Rocket Motion

1. Jan 26, 2009

Gogsey

A rocket is accelerating upwards from rest in a uniform gravitational field g. Notation: m(t) is the mass of the rocket plus remaining fuel, m0 is the initial total mass, vex is the exhaust speed (relative to the rocket), and k is the rate, in kg/s, at which fuel is consumed. By considering momentum changes in a short time dt, show that mdv/dt = kv(ext) - mg(upward direction is positive). Assuming k is constant, find the speed v as a function of the
remaining mass m. Show that, if k is very large, it agrees with the result derived in class (without gravity).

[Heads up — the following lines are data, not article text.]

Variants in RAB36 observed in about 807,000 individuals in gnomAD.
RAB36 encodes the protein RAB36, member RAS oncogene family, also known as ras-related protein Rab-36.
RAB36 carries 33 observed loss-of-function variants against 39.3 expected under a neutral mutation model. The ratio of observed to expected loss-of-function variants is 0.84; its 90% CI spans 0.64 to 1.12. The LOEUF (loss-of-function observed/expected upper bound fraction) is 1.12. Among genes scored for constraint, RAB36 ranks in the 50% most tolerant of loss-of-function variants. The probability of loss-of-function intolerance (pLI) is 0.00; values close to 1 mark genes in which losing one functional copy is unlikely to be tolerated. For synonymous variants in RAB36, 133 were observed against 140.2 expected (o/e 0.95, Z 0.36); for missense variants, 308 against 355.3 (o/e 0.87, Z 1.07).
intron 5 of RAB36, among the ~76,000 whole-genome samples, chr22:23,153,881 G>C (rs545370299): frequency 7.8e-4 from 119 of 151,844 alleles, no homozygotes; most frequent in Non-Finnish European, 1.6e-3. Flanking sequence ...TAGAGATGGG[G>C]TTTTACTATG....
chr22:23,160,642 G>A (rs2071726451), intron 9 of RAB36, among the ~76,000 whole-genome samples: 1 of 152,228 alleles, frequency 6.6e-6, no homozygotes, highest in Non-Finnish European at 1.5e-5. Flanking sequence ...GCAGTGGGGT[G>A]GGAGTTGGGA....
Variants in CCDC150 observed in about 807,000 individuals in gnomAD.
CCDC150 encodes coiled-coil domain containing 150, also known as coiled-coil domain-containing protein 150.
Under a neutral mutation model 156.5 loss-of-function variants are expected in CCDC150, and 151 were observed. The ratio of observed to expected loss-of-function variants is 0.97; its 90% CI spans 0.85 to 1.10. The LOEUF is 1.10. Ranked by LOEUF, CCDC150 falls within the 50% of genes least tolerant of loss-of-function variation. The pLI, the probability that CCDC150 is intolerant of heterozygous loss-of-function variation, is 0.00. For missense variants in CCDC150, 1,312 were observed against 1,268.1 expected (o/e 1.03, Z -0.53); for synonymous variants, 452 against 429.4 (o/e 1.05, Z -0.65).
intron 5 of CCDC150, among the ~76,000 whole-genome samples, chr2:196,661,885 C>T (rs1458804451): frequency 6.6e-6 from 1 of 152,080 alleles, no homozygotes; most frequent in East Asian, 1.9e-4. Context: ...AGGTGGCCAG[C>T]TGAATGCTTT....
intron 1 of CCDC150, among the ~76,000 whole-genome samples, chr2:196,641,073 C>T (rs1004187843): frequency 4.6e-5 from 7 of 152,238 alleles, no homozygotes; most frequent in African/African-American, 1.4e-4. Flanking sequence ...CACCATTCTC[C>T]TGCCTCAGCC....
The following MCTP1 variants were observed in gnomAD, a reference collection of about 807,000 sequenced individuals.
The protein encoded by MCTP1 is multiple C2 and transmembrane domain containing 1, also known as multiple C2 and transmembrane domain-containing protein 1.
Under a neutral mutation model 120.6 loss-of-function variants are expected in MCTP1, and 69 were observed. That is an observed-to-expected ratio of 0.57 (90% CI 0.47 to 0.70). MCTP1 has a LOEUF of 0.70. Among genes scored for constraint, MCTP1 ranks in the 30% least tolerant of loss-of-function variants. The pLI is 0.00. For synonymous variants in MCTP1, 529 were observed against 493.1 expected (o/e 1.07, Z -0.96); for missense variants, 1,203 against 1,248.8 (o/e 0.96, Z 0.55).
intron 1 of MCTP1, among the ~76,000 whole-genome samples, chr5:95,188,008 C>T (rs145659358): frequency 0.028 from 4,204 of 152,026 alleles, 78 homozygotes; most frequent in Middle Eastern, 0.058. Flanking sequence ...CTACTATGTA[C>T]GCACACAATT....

Ok, so i have already proved the first part.

P(t)=mv and P(t+dt) = (m+dm)(v+dv)-dM(v-v(ext))

=mv+vdm+dmv(ext)

The a couple of steps later we get: -mgdt=mdv+(ext)(dm/dt)

so we get -mg=mdv/dt -kv(ext), where -k=dm/dt

and therefore mdv/dt=kv(ext) - mg.

Ok, so I'm a little stuck on the second part. Not really sure where to start off. Any hints?

2. Jan 26, 2009

chrisk

Assuming that k=dm/dt is constant isolate dv then integrate. You have to assume the exhaust velocity, v(ext) is constant.